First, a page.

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California

Owner of Maywood metal recycling facility faced charges for dumping waste before massive blaze

Maywood fire
Los Angeles County firefighters clear brush at a residence in the 3500 block of 52nd Street to fight the fire from the back of a smoldering Maywood warehouse.
(Irfan Khan/Los Angeles Times)

The owner of a recycling facility that has been burning for more than 30 hours at an industrial park in Maywood was recently charged with multiple felonies for improperly storing and disposing hazardous materials at his site, according to court records.

Da Xiong Pan, who also goes by Daniel Pan, pleaded not guilty in May to five felony charges. Among those charges was that he knowingly disposed of treated and stored hazardous waste without a permit at his site, Panda International Trading Co., at 3570 Fruitland Ave., according to a Los Angeles County Superior Court criminal complaint.

Investigators visited the facility in June and November 2013 and collected evidence showing that toxic levels of metal particulates were released onto a public sidewalk in front of the company’s facility, according to the California Environmental Protection Agency’s Department of Toxic Substances Control.

The black dust contained copper, lead, zinc, cadmium, nickel and chromium, according to the agency.

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Panda, a scrap metal recycling facility, did not have a permit from the Department of Toxic Substances Control, according to court records. The facility stores waste such as household appliances and cathode ray tubes.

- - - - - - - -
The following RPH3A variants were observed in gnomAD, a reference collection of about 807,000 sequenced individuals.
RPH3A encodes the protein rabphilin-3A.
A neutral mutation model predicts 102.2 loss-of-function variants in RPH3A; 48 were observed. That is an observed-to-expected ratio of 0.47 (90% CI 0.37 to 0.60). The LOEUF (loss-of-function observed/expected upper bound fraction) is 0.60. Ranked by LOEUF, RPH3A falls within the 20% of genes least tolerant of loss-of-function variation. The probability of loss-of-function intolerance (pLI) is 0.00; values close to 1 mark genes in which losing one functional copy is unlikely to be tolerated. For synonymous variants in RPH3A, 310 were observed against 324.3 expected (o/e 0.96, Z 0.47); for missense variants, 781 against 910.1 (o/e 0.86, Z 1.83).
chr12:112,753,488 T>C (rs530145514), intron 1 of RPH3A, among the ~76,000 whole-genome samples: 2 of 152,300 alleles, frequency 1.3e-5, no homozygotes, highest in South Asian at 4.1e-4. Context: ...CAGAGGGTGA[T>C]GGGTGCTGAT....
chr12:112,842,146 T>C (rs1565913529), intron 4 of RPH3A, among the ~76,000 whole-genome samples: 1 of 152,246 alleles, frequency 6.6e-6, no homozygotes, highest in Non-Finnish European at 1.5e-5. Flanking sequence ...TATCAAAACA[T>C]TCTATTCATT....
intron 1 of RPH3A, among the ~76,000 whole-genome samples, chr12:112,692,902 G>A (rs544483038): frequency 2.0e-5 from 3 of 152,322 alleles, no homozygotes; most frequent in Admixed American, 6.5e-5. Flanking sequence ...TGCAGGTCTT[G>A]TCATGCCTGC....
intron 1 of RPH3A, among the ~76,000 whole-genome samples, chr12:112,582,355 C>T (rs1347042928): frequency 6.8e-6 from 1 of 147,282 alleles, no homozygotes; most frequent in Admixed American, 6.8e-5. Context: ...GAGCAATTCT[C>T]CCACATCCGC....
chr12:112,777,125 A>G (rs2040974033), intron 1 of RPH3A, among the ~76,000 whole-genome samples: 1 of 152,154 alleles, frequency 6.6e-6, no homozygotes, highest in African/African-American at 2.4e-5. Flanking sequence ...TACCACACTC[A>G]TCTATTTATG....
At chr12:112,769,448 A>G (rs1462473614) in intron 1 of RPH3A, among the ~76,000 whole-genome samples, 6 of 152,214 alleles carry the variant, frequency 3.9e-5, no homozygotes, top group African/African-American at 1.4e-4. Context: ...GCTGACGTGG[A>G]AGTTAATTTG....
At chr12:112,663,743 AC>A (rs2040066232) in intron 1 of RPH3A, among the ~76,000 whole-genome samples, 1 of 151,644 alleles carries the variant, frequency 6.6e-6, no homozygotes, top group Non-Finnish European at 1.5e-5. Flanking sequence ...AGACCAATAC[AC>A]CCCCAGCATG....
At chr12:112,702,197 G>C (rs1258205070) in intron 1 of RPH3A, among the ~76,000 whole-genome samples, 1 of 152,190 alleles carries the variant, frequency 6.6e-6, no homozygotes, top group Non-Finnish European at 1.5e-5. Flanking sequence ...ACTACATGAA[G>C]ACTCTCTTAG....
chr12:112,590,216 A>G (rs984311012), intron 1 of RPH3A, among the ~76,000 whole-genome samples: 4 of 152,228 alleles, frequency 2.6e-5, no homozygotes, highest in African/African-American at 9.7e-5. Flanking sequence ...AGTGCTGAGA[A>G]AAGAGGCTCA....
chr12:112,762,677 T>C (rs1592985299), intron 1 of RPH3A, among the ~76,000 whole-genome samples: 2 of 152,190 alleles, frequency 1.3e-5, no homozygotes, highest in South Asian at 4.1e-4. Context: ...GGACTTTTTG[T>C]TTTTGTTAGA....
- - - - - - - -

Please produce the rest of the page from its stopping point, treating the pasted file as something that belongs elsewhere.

Pan could not be reached for comment. 

After the operator was notified of the violations, he “cleaned up, or managed the hazardous waste appropriately,” agency spokesman Russ Edmondson said.

On Wednesday afternoon, Edmondson said the Department of Toxic Substances Control was playing a supporting role as firefighters worked on containing the fire.

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“The County Fire Department also oversees operations at the facility,” he said. “However, we have investigated a company operating at this address.”

The same site is now the subject of another investigation sparked by a stubborn fire that has burning there since early Tuesday. Fire officials said the blaze was first spotted at a commercial building in a storage yard in the metal recycling facility.

Fueled by 10,000 pounds of magnesium, the smoldering chemical fire, which started at 2:30 a.m. Tuesday, could continue for another day, fire officials said.

Firefighters are struggling to get a handle on the massive blaze because, unlike most fires, this one doesn’t respond well to water.

“Putting water on it [could] cause it to explode,” said Inspector Richard Licon, spokesman for the Los Angeles County Fire Department. “We can’t use it. It’s very frustrating for us as firefighters.”

Traditional methods such as sand and dirt are also useless because they contain water, so firefighters must smother the fire with a rare, dry chemical extinguishing agent, he said.

“We have to let this fire smother and we have to eliminate the smoke -- if we don’t do that, we cannot let the people repopulate and get back in their homes,” said Deputy Fire Chief John Tripp.

At one point Tuesday, the fire was spreading in three directions toward homes and businesses, he said. Several explosions occurred as firefighters doused water onto the blaze.

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Odor from the fire was reported from as far away as the San Fernando Valley.

Although fire officials said a breeze was helping push smoke away from the blaze, the South Coast Air Quality Management District issued a smoke advisory on Wednesday.

Evacuation orders went out to 300 homes and businesses in the surrounding neighborhood.

By Wednesday morning, more than 130 people had checked into an evacuation center at YMCA in Maywood. Several residential blocks were without power because of burned power lines.

As firefighters attempt to put out the blaze, they are also photographing and keeping records of the facility for their investigation, Licon said.

Investigators are looking into business practices at the facility and how waste was stored, he added.

For breaking news in California, follow VeronicaRochaLA on Twitter.

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